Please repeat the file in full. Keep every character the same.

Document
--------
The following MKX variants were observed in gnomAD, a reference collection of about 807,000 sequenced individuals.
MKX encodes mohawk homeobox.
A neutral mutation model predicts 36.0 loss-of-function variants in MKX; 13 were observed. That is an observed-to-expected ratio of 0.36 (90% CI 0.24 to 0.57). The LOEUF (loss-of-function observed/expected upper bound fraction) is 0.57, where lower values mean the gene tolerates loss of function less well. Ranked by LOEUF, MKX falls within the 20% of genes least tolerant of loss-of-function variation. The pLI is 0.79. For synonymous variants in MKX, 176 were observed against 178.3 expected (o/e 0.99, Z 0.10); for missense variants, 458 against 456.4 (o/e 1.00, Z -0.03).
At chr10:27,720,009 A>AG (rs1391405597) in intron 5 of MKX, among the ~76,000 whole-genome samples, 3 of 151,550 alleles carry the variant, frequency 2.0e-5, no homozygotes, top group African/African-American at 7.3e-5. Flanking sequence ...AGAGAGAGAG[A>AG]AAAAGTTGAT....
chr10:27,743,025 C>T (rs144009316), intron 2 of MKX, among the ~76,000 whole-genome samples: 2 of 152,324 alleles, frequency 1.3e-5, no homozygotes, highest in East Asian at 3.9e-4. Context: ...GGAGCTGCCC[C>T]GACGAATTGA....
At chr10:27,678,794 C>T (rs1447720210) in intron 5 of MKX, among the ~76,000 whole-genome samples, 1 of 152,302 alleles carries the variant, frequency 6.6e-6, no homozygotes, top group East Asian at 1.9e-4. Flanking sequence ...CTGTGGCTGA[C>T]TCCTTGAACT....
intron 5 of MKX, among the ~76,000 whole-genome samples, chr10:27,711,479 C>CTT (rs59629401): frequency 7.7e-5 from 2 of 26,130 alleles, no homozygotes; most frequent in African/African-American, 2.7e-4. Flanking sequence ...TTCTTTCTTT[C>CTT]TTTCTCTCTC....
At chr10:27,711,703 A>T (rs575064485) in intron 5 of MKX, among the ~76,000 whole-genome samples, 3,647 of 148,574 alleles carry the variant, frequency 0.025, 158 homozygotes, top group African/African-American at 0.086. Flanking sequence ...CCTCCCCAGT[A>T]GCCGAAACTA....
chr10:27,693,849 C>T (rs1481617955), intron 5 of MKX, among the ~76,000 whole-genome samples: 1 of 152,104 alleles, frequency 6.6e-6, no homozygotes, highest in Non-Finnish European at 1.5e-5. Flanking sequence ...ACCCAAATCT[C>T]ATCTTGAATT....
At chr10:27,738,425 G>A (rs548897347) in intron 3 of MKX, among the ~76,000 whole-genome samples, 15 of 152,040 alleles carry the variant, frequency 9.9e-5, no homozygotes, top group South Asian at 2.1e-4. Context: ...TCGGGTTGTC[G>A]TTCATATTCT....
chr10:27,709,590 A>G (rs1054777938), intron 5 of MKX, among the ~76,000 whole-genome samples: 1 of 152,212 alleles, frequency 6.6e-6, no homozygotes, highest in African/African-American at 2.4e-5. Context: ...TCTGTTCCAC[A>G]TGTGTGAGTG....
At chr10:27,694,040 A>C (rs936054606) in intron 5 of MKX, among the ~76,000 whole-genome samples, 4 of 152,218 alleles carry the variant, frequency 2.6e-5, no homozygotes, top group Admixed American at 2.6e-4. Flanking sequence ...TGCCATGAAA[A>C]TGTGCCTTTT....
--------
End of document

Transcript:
The following MKX variants were observed in gnomAD, a reference collection of about 807,000 sequenced individuals.
MKX encodes mohawk homeobox.
A neutral mutation model predicts 36.0 loss-of-function variants in MKX; 13 were observed. That is an observed-to-expected ratio of 0.36 (90% CI 0.24 to 0.57). The LOEUF (loss-of-function observed/expected upper bound fraction) is 0.57, where lower values mean the gene tolerates loss of function less well. Ranked by LOEUF, MKX falls within the 20% of genes least tolerant of loss-of-function variation. The pLI is 0.79. For synonymous variants in MKX, 176 were observed against 178.3 expected (o/e 0.99, Z 0.10); for missense variants, 458 against 456.4 (o/e 1.00, Z -0.03).
At chr10:27,720,009 A>AG (rs1391405597) in intron 5 of MKX, among the ~76,000 whole-genome samples, 3 of 151,550 alleles carry the variant, frequency 2.0e-5, no homozygotes, top group African/African-American at 7.3e-5. Flanking sequence ...AGAGAGAGAG[A>AG]AAAAGTTGAT....
chr10:27,743,025 C>T (rs144009316), intron 2 of MKX, among the ~76,000 whole-genome samples: 2 of 152,324 alleles, frequency 1.3e-5, no homozygotes, highest in East Asian at 3.9e-4. Context: ...GGAGCTGCCC[C>T]GACGAATTGA....
At chr10:27,678,794 C>T (rs1447720210) in intron 5 of MKX, among the ~76,000 whole-genome samples, 1 of 152,302 alleles carries the variant, frequency 6.6e-6, no homozygotes, top group East Asian at 1.9e-4. Flanking sequence ...CTGTGGCTGA[C>T]TCCTTGAACT....
intron 5 of MKX, among the ~76,000 whole-genome samples, chr10:27,711,479 C>CTT (rs59629401): frequency 7.7e-5 from 2 of 26,130 alleles, no homozygotes; most frequent in African/African-American, 2.7e-4. Flanking sequence ...TTCTTTCTTT[C>CTT]TTTCTCTCTC....
At chr10:27,711,703 A>T (rs575064485) in intron 5 of MKX, among the ~76,000 whole-genome samples, 3,647 of 148,574 alleles carry the variant, frequency 0.025, 158 homozygotes, top group African/African-American at 0.086. Flanking sequence ...CCTCCCCAGT[A>T]GCCGAAACTA....
chr10:27,693,849 C>T (rs1481617955), intron 5 of MKX, among the ~76,000 whole-genome samples: 1 of 152,104 alleles, frequency 6.6e-6, no homozygotes, highest in Non-Finnish European at 1.5e-5. Flanking sequence ...ACCCAAATCT[C>T]ATCTTGAATT....
At chr10:27,738,425 G>A (rs548897347) in intron 3 of MKX, among the ~76,000 whole-genome samples, 15 of 152,040 alleles carry the variant, frequency 9.9e-5, no homozygotes, top group South Asian at 2.1e-4. Context: ...TCGGGTTGTC[G>A]TTCATATTCT....
chr10:27,709,590 A>G (rs1054777938), intron 5 of MKX, among the ~76,000 whole-genome samples: 1 of 152,212 alleles, frequency 6.6e-6, no homozygotes, highest in African/African-American at 2.4e-5. Context: ...TCTGTTCCAC[A>G]TGTGTGAGTG....
At chr10:27,694,040 A>C (rs936054606) in intron 5 of MKX, among the ~76,000 whole-genome samples, 4 of 152,218 alleles carry the variant, frequency 2.6e-5, no homozygotes, top group Admixed American at 2.6e-4. Flanking sequence ...TGCCATGAAA[A>C]TGTGCCTTTT....